This is the fourth article in a series where I’ll talk about the essential traits of an E-g consultant.
When we go into that new project, we believe in it all the way. We have confidence in our ability to do it right.
– Walt Disney
In software development, much effort is devoted to address the “How” question from a process standpoint: How are we going to build successful software?
The answer, of course, is “it depends”.
In a previous part to this series, I talked about how varied and wild the technology landscape is across our client portfolio. While it’s not quite as varied, the methods our clients use to build software are also diverse.
For the purposes of this article, we’ll simplify things and talk about the process of software engineering as a continuum of one method to another. Generally speaking, the more traditional method is Waterfall and the more contemporary method is Agile. In case you’ve not followed the links to read about each in more depth, I’ll grossly oversimplify them.
Waterfall is a process by where you try to completely specify the software you want to build and then take a series of steps to complete the project. The steps are commonly:
- Requirements – What should it do?
- Analysis & Design – How do we think it should do it?
- Implementation – Make it run
- Testing – Make sure it runs the way you want it to run
- Deployment – Make it available for the users
- Maintenance – Support it
Agile goes like this:
- Make a list of features and prioritize them
- Flush out some details on the important items
- Pick the most important things you can build in a chunk of time
- Build and test the things
- Show the things to the product owner
- Deploy the chunk of features
- Talk about what you can do better next time
- Change your mind about what you want and repeat until everybody loves it
There’s many variations to each process type and organizations will pick pieces from multiple methodologies and mix them together to their liking. The end result is that you will almost never find two companies who build software the same way.
Another facet that accompanies software process is documentation. For example, regulated industries (e.g. Pharmaceuticals) are accountable to regulatory bodies that have strict standards that must be followed. Not only do such situations heavily influence application design, but they have a huge impact on an organization’s ability to move quickly through software development cycles.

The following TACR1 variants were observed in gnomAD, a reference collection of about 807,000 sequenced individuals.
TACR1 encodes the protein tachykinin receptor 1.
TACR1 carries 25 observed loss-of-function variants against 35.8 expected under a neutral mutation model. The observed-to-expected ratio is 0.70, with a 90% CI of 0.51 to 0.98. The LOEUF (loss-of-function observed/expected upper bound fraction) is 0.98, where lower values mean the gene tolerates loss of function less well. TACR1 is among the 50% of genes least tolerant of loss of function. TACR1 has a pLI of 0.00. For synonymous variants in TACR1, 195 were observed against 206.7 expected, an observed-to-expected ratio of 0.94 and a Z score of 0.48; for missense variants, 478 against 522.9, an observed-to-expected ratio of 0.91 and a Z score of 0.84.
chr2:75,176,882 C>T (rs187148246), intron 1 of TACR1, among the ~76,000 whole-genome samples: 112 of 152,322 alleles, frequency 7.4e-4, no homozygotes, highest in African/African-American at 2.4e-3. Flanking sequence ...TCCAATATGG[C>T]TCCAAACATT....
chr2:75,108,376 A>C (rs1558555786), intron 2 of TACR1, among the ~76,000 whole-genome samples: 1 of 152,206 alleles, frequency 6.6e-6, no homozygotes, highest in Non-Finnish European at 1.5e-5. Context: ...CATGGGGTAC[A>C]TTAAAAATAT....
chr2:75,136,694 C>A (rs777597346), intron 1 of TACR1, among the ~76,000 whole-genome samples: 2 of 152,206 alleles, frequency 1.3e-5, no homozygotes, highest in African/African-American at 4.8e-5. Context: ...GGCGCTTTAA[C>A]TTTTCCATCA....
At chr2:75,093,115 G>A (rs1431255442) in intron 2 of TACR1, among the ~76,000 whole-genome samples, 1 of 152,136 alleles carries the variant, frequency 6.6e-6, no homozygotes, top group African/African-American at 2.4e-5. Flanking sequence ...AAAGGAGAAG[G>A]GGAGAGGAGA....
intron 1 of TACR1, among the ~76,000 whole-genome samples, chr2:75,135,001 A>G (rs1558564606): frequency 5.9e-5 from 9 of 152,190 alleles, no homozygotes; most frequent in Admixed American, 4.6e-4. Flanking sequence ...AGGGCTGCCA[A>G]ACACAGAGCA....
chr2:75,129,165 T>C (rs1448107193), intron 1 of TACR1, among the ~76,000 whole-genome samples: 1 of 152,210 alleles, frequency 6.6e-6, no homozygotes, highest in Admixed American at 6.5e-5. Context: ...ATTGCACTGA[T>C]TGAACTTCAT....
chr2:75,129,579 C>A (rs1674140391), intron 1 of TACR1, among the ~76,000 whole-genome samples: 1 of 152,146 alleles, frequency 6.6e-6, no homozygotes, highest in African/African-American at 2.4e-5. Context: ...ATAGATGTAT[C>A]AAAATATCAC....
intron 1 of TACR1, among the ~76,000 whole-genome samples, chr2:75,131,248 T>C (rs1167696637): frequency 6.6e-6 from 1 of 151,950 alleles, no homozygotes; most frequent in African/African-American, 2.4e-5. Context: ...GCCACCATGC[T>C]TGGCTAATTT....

Yet another significant knob on the process panel is that of coordination with the various interested parties. Some organization have significant marketing or training efforts that impose constraints on the software development process. Others may have separate business units that provide critical services (e.g. infrastructure) and there could be heavyweight processes associated with those interactions. One example of this would be a requirement to get signatures from six different people just to make a small web server configuration change.
There are certainly an abundance of opinions on what methods are the best. Additionally, there are plenty of opportunities for improvement in almost every environment. We have experienced consultants who have been around the block with process and we love it when our clients ask for our thoughts. One great benefit of being exposed to so many methods is that it gives us a humble, healthy perspective of what works well and what doesn’t – even in different cultural contexts.
E-g consultants have to be prepared for a wide range of possibilities when it comes to process. Just as with technology, we have to be prepared to accept the methods chosen by our clients and choose to thrive in them. Many of our clients are able to embrace lightweight agile methods but some either haven’t been able to impart the necessary cultural shifts or have encountered other challenges that necessitate more traditional methods. Can it be challenging to go from something lightweight to something that’s not? Absolutely. Adapting to change is simply what we must do if we’re going to be successful at bringing value to our customers.
If you feel like you can do the process two-step and have fun while you’re at it, you might make a great E-g consultant.
This article is Part 4 of a 5-part series. For additional reading on why “you might want to be an E-g consultant” click one of the links below:
- Part 1: Location
- Part 2: Work Environment
- Part 3: Technology
- Part 4: Process
- Part 5: People